I wanted my fire for exercise to burn like it did when I first started lifting, so I let go of the forced daily runs and extra HIIT sessions to “make up” for calories. I began to utilize conditioning work 1-2 times per week instead. I added back my short outdoor runs, but much more infrequently, and never because I felt pressure to burn a certain number of calories. I threw my heart monitor away.

I also discovered powerlifting. When I finally dropped the light-weight, high-rep stuff I was doing to stay thin, I started following Wendler’s 5-3-1 program and quickly fell in love. My strength skyrocketed, and when I decided I wanted to take my training to the next level, I signed with The Strength Guys. Now, the spark is back when I’m in the gym. I feel the fire again.

Squat

Strength Training Program

I follow an intense, block-periodization powerlifting program created by my coach, Jon Stewart. It’s high volume, tailored to correct my weaknesses, and uses movements and load intensities built for progression. I’m on six-week cycles of five-day splits. I have one day of light conditioning and one day of complete rest. Mobility is a vital component of my current program because my training pushes my body to its limits.

Each day and week I use different sets, reps, and weight with a specific rest time, exercise tempo, and rate of perceived exertion (RPE) to follow. Days one and three look on week three of my program.

  • Mobility TrainingMobility Training Mobility Training
    30-40 minutes

Mobility Training includes foam rolling the area to be trained, plus two or three dynamic stretches/movements the prepare the area for training.

Pause Squats have the lifter descending to the bottom position of the squat and freezing. The bottom position is held for three seconds, maintaining tightness in the muscles and correct technique, before returning to the starting position.

Compensatory Acceleration Training (C.A.T.)

is lifting sub-maximal loads with maximum force. For more details check

elitefts.com

.

  • Mobility TrainingMobility Training Mobility Training
    30-40 minutes

Mobility Training includes foam rolling the area to be trained, plus two or three dynamic stretches/movements the prepare the area for training.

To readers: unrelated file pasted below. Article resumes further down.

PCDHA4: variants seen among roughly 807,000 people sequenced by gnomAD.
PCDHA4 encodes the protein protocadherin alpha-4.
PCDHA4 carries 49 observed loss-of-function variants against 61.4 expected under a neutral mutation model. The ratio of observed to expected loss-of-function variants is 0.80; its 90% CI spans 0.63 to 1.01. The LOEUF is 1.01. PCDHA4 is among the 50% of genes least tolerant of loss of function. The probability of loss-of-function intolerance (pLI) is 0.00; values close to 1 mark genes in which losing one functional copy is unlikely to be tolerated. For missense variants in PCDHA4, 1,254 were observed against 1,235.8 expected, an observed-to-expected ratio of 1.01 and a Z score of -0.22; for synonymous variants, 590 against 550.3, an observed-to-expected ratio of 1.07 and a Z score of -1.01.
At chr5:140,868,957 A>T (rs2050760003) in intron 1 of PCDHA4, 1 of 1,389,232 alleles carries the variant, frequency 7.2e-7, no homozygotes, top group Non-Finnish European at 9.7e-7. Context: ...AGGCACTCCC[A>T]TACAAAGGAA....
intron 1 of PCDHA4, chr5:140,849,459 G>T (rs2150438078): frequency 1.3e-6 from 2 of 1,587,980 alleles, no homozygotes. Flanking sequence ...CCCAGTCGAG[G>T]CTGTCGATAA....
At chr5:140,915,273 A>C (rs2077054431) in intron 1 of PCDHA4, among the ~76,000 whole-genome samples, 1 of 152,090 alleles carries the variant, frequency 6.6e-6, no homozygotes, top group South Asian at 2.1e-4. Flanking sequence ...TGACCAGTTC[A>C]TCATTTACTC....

Reset Deadlifts are performed the same as a standard deadlift, but the lifter will put the weight completely on the floor and reset their hip position between each rep.

Letting Go

The hardest physical aspect to change for me was my diet. I had developed such rigid views and habits around food that it was almost more of a struggle to let them go than it was to keep them. I packed away my food scale and deleted MyFitnessPal. I started incorporating foods that I hadn’t allowed myself to eat in years. I stopped restricting. I re-learned how to eat, not from a clock or scale, but from what my body was feeling.

At first I thought I would feel free without the calorie counting, stress, obsession, and anxiety, but I didn’t. I would take two steps forward and three steps back, wondering if I would ever be able to change. It took years to develop my disordered relationship with food, and I knew it wasn’t going to take a week to fix it. So, I trusted the process just as I always had, kept working at it, and didn’t give up.

Today, around 70-80 percent of the food I consume is healthy, nutrient-dense food that allows my body to perform at its optimal level. This includes things like lean proteins, organic dairy, fruits, vegetables, whole grains, legumes, nuts (and butters!), and seeds.

70-80 percent of the food I consume is healthy, nutrient-dense food like lean proteins, organic dairy, fruits, vegetables, whole grains, legumes, nuts (and butters!), and seeds.

The other 20-30 percent of food I consume is made up of things that I crave, or that I just plain want—no explanation or condition necessary. There is no special time, day, or place for these foods. I allow myself the freedom to eat them when I want them. Some days I’m at a 50/50 split, some days it’s 100/0, but on most days I stay right around 80/20. It all balances out.

I don’t restrict, I listen to my body’s needs and wants, and most important, I consume everything mindfully and in moderation. Through all of the extremes, I’ve found balance to be the key component in my physical and mental health. It’s also been the key to my happiness.

Sample Day

I don’t have a meal plan to follow because the foods and amounts I eat change on a daily basis. I don’t weigh or measure anything, so all quantities below are estimated. I don’t know my caloric intake or macro breakdown, but I would guess I’m somewhere in the neighborhood of 2,200-2,700 calories per day. Here is what I ate yesterday:

Greek Chicken Wrap

Final Thoughts

Throughout my second transformation, I’ve found myself spending more time with friends and family. They couldn’t care less what I look like—my abs make no difference to them. As long as I’m healthy and happy, they’re happy too.

It’s funny because these are the people I pulled away from when I started my downhill slide into disordered eating and thinking. I sheltered myself from everything that wasn’t fitness related, even friends and family. But when I finally let go of the obsession and the stress, I felt free.

During this second transformation, I found that the middle is where I want to be.

The fitness community is full of extremes. We work out until we can’t move. We eat diets of tilapia and broccoli. It takes a strong individual to endure what we put ourselves through. But during this second transformation, I found that the middle is where I want to be.

I want to be somewhere between the overweight college girl and the underweight girl on stage, somewhere between the girl who ate pop-tarts for every meal and the girl who ate lettuce for every meal, somewhere between the girl who never stepped foot into the gym and the girl who wouldn’t leave it until she’d burned enough calories. This middle spot is where I’m happy and strong. It’s where I found my balance.

Recommended For You

Fitness 360: Karina Baymiller, Petite Powerhouse